A herbaceous border is a style of planting which relies exclusively, or heavily on herbaceous planting.
Gardeners often use the phase "Herbaceous" so what does it mean?
Herbaceous plants die back in the autumn, and winter to bare earth and then re grow each spring. If you had nothing but herbaceous plants in your border in the winter, it would be completely bare.. Above is a section of herbaceous planting from my garden, in which there are thalictrum, delphiniums, crocosmia, nepeta, geum, primula and only the roses remain in the winter.
Below is a section of the stunning hot border at RHS Rosemoor which combines Dahlia, Helenium, Kniphofia, Asters and Lobelias.
Other plants commonly included in herbaceous planting are Astilbe, Veronica, Rudbeckia, Gaura, Salvia, and Echinacea. We can see excellent examples of herbaceous planting at the RHS gardens, also Arley Hall, which has a double sided, 90 metre long border. Also renown for herbaceous planting is the Hillier garden, in Hampshire which has lovely sweeping borders. Country living has some ideas of gardens to visit displaying herbaceous plants.
Herbaceous borders are less popular as gardening tastes change. Herbaceous planting increased in popularity as the range of plants available to gardeners increased. Broadly, this was the Victorian age of plant exploration and plant breeding, new varieties became available to display in gardens .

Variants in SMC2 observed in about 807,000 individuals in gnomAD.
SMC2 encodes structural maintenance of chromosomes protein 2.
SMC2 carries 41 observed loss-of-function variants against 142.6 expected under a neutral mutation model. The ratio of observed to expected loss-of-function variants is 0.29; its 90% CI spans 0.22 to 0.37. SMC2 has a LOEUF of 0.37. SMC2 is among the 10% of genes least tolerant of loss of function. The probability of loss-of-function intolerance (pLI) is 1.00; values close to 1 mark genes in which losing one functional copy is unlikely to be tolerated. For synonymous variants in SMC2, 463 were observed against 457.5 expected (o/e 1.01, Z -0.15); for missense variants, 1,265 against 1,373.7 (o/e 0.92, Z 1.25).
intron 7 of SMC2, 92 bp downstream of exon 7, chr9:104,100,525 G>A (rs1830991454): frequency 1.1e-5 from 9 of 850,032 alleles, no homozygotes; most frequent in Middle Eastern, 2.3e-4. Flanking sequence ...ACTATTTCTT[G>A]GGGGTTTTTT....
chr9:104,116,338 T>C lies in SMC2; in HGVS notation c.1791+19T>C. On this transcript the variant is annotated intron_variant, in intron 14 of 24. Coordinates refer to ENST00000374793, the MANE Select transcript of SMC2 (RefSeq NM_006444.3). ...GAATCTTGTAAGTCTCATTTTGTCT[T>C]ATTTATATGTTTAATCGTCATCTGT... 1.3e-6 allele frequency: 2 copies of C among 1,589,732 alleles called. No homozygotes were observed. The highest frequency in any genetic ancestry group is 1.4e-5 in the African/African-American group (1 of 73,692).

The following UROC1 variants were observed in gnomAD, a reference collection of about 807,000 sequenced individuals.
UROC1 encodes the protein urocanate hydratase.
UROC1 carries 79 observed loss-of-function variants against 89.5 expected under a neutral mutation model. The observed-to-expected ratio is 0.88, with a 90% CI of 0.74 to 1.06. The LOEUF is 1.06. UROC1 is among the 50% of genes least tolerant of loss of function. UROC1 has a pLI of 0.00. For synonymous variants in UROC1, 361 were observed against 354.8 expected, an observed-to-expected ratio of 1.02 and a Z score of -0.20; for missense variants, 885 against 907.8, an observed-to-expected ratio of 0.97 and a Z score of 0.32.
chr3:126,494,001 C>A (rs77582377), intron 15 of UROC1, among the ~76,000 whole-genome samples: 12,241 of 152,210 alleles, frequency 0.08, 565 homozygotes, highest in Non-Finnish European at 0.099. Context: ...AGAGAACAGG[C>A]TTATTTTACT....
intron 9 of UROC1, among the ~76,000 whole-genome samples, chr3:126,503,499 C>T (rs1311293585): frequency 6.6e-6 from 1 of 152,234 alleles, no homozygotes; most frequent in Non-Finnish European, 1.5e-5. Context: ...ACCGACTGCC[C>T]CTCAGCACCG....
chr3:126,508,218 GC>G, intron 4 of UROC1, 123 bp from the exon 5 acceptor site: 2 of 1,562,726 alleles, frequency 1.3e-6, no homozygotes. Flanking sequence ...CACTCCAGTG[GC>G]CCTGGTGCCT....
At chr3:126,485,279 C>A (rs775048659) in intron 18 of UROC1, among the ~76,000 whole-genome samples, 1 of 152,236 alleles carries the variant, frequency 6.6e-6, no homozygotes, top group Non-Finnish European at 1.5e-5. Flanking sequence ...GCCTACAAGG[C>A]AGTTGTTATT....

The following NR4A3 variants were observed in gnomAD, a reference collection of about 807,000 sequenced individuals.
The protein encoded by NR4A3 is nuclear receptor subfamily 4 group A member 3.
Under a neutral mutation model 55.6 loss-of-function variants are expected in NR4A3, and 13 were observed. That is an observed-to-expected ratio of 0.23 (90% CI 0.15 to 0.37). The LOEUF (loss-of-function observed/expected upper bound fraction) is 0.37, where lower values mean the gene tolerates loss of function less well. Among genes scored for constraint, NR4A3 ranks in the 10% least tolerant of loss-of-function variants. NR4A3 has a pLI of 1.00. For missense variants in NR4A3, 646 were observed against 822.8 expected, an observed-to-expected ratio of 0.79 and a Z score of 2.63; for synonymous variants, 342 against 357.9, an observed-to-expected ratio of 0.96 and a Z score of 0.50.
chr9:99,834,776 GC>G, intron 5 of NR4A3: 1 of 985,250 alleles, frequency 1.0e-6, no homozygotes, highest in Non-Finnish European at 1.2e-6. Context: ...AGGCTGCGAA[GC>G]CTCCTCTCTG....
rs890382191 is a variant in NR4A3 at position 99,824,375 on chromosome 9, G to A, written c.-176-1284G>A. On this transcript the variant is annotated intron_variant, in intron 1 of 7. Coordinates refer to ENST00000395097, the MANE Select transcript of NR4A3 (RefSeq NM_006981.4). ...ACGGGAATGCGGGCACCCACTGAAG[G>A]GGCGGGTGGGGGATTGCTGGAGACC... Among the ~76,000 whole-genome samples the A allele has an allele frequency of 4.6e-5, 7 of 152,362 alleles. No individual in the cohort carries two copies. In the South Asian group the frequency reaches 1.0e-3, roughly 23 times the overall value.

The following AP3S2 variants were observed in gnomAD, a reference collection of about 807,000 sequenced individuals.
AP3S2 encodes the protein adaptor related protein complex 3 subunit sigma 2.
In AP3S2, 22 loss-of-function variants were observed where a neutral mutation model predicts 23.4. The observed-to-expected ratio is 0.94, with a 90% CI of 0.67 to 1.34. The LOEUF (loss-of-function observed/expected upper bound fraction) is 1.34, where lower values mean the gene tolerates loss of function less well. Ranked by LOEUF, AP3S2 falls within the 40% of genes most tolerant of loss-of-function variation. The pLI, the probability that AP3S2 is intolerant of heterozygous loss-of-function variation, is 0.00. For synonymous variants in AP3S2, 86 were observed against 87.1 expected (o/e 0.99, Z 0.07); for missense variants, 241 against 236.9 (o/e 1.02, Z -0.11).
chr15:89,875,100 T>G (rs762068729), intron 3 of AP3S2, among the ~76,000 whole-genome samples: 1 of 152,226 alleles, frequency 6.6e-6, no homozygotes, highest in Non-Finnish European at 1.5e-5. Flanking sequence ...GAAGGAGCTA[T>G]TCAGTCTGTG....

Popularity peaked and suffered a decline around World war 1 because of the level of maintenance required to keep a herbaceous border looking good. They were primarily a feature of large houses and gardens, when garden maintenance fell on an army of gardeners, which became difficult during the first war and thereafter with social change. Some herbaceous plants had to be lifted to be overwintered. There was lots pruning and a massive task of staking all the plants to keep them upright.
More recently, we have unpredicable weather with drought becoming a feature in many parts of the country, not just the traditionally dry areas. Many of the plants added into a herbaceous border, such as delphiniums, hosta, Helenium need moist soil.
So is the herbaceous border condemned to garden history? We may not aspire to a long herbaceous border, but it's worth looking at herbaceous planting to incorporate sections into a border, combined with shrubs and climbers. Herbaceous plants are the fireworks, full of colour and style. By mixing and matching with shrubs and climbers, you can create the perfect border with colour and structure.